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CurveFit is an extendable nonlinear mixed effects model for fitting curves. The main application in this development is COVID-19 forecasting, so that the curves we consider are variants of logistic models. However the interface allows any user-specified parametrized family.

Parametrized curves have several key features that make them useful for forecasting:

  • We can capture key signals from noisy data.
  • Parameters are interpretable, and can be modeled using covariates in a transparent way.
  • Parametric forms allow for more stable inversion approaches, for current and future work.
  • Parametric functions impose rigid assumptions that make forecasting more stable.

COVID-19 functional forms

We considered two functional forms so far when modeling the COVID-19 epidemic.

  • Generalized Logistic:

  • Generalized Gaussian Cumulative Distribution Function

Each form has comparable fundamental parameters:

  • Level : Controls the ultimate level.
  • Slope : Controls speed of infection.
  • Inflection : Time at which the rate of change is maximal.

We can fit these parameters to data, but this by itself does not account for covariates, and cannot connect different locations together. The next section therefore specifies statistical models that do this.

Statistical Model

Statistical assumptions link covariates across locations. Key aspects are the following:

  • Parameters may be influenced by covariates, e.g. those that reflect social distancing

  • Parameters may be modeled in a different space, e.g. are non-negative

  • Parameters and covariate multipliers may be location-specific, with assumptions placed on their variation.

CurveFit specification is tailored to these three requirements. Every parameter in any functional form can be specified through a link function, covariates, fixed, and random effects. The final estimation problem is a nonlinear mixed effects model, with user-specified priors on fixed and random effects.

For example, consider the ERF functional form with covariates . Assume we are fitting data in log-cumulative-death-rate space. Input data are:

  • : social distancing covariate value at location
  • : cumulative death rate in location at time

We specify the statistical model as follows:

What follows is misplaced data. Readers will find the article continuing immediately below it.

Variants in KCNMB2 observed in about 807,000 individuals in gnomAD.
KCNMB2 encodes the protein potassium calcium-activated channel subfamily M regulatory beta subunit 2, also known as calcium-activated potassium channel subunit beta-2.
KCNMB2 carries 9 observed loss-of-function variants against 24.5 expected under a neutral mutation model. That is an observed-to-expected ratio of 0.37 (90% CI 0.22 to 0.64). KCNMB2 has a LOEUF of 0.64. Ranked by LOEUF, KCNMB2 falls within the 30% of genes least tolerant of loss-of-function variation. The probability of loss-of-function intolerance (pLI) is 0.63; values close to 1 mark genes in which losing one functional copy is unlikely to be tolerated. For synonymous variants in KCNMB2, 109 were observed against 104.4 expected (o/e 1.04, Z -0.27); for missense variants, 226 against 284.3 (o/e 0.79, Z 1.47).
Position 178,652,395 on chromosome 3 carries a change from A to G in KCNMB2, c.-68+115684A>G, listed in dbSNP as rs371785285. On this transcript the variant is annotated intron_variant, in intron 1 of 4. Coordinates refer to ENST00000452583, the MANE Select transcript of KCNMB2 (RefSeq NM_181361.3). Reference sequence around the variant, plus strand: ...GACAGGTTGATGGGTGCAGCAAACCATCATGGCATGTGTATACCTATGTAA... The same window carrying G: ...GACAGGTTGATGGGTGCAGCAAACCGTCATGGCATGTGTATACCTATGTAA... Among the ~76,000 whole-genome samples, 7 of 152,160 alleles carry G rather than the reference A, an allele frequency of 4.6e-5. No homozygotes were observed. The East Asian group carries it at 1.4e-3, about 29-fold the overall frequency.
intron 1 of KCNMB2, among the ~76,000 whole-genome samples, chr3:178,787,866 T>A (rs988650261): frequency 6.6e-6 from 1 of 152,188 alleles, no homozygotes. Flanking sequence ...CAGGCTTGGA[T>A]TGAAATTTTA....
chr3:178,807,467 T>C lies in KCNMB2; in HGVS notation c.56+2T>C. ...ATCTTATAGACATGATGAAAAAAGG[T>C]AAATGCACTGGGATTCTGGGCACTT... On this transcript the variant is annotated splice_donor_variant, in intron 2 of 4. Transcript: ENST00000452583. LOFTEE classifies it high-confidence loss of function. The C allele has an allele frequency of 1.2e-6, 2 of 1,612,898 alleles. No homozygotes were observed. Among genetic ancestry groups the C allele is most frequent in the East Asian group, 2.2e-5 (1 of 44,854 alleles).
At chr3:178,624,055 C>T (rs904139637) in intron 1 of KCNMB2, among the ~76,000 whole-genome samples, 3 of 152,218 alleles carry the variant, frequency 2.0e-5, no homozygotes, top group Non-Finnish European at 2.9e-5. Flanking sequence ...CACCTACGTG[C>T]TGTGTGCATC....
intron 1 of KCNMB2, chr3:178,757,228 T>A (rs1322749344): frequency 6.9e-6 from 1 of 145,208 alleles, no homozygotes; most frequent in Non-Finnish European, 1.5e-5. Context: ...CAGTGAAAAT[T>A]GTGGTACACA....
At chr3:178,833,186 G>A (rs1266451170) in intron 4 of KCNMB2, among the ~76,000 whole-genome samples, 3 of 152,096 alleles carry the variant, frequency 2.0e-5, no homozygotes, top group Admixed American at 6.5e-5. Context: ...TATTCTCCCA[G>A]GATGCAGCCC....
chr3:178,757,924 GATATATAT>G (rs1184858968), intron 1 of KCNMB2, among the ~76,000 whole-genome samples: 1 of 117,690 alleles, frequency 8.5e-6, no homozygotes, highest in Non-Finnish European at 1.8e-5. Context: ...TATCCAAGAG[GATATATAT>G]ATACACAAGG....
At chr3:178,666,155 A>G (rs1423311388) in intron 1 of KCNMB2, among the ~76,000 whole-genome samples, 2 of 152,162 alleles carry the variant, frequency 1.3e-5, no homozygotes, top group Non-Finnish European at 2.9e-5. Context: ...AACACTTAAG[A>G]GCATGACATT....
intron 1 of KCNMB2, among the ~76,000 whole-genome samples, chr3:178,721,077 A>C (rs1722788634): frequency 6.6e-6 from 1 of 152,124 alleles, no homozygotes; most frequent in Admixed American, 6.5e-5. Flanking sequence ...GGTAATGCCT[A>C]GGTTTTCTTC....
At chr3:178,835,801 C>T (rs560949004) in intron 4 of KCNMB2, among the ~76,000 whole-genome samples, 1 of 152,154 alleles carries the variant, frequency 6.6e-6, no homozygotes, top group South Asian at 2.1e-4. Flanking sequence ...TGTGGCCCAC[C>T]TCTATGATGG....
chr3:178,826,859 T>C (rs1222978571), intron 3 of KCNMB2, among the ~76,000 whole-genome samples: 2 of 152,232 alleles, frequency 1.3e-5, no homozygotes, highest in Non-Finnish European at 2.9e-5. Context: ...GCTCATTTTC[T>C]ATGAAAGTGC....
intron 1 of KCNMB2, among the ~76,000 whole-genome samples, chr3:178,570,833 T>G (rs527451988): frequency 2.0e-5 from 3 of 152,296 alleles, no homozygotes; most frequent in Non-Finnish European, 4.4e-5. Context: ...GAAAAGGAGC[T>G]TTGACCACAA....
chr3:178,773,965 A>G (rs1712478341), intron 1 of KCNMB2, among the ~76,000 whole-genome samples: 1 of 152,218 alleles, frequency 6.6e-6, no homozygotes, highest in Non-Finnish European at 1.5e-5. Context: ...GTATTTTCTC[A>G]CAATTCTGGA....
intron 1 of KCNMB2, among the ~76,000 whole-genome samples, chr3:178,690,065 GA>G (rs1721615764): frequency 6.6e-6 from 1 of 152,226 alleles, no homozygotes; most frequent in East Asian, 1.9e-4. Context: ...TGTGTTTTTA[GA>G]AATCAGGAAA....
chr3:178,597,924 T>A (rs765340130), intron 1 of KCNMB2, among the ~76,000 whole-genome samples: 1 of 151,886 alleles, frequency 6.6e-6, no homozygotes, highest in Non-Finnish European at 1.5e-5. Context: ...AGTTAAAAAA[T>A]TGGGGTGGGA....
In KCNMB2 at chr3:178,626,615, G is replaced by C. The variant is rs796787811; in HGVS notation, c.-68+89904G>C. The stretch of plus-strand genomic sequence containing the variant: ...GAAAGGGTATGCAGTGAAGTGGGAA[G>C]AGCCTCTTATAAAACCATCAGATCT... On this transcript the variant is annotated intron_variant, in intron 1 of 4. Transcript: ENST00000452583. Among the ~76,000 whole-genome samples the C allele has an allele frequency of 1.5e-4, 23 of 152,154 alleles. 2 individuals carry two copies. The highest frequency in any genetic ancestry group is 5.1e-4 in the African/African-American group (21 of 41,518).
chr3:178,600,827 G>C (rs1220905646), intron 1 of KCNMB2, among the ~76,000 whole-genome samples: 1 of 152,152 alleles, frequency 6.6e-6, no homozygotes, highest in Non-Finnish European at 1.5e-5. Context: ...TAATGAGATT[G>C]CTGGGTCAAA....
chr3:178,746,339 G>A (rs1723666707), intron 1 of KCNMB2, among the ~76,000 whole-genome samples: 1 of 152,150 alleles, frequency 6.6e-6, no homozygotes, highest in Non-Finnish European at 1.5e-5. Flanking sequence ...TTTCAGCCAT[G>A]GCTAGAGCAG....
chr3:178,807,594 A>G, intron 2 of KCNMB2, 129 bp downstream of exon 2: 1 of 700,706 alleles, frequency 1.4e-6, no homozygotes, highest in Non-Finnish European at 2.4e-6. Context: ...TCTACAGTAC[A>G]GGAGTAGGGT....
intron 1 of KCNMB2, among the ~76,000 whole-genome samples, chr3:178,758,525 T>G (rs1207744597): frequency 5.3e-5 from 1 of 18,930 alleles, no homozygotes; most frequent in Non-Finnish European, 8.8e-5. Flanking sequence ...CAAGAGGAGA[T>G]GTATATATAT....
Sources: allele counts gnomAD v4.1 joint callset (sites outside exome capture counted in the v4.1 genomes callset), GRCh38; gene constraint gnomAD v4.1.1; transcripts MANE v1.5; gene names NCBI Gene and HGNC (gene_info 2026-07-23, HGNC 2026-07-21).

• Measurement model:

  • -model specification:

  • -model specification:
  • -model specification:

In this example, the user specifies

  • prior mean
  • variance parameters .

CurveFit estimates:

  • fixed effects
  • random effects

Exponential link functions are used to model non-negative parameters .


Simple bound constraints on parameters can be used to make the model more robust. For any fixed or random effect, the user can enter simple bound constraints of the form The parameters returned by CurveFit are guaranteed to satisfy these simple bounds.

Optimization Procedure

The optimization problem we obtain from specifying functional forms, priors, and constraints on all parameters is a bound-constrained nonlinear least squares problem. We explain the solver, derivative computation, and initialization procedure below.


We solve the problem using L-BFGS-B. The L-BFGS-B algorithm uses gradients to build a Hessian approximation, and efficiently uses that approximation and projected gradient method onto the bound constraints to identify parameter spaces over which solutions can be efficiently found, see the paper. It is a standard and robust algorithm that's well suited to the task.


We do not explicitly compute derivatives of the nonlinear least squares objective induced from the problem specification. Instead, we use the complex step method to do this. The complex step method is a simple example of Automatic Differentiation, that is, it can provide machine precision derivatives at the cost of a function evaluation. This is very useful given the flexibility on functional forms.


Currently CurveFit uses model-based uncertainty, with out-of-sample approaches under development.

Predictive Validity-Based Uncertainty

We have a tool that evaluates predictive validity out of sample for the model forecasts. It iteratively holds out data points starting with only one data point used for fitting and adding them back in one by one, comparing the predictions with the observed data. The standard deviation observed for these residuals -- along the dimensions of how much data the model sees and how far out the model needs to predict into the future -- are then used to simulate draws (random realizations of the mean function) that can be used to construct uncertainty intervals. This approach is orthogonal to model-based uncertainty described below.

Model-Based Uncertainty

We partition model-based uncertainty into estimates coming from fixed and random components. Fixed effects capture the variation of the mean effects, and random effects uncertainty captures the variation across locations.

  • Fixed Effects

For any estimator obtained by solving a nonlinear least squares problem, we can use the Fisher information matrix to get an asymptotic approximation to the uncertainty. Let where is any prior variance and is the variance of observations. Then our approximation for the variance matrix of the estimate is given by where is the Jacobian matrix evaluated at . The Jacobian is also computed using the complex step method.

  • Random effects

To obtain the variance of the random effects, we derive an empirical variance matrix across locations. Given a set of zero mean random effect estimates , with each a vector of of random effect types, we get an empirical matrix by To obtain posterior uncertainty for each specific location, we use the empirical as a prior, and any data at the location as the measurement model, and re-fit the location: Within each location, this is analogous to the fixed effects analysis. The location-specific uncertainty is then estimated from the same Fisher information analysis: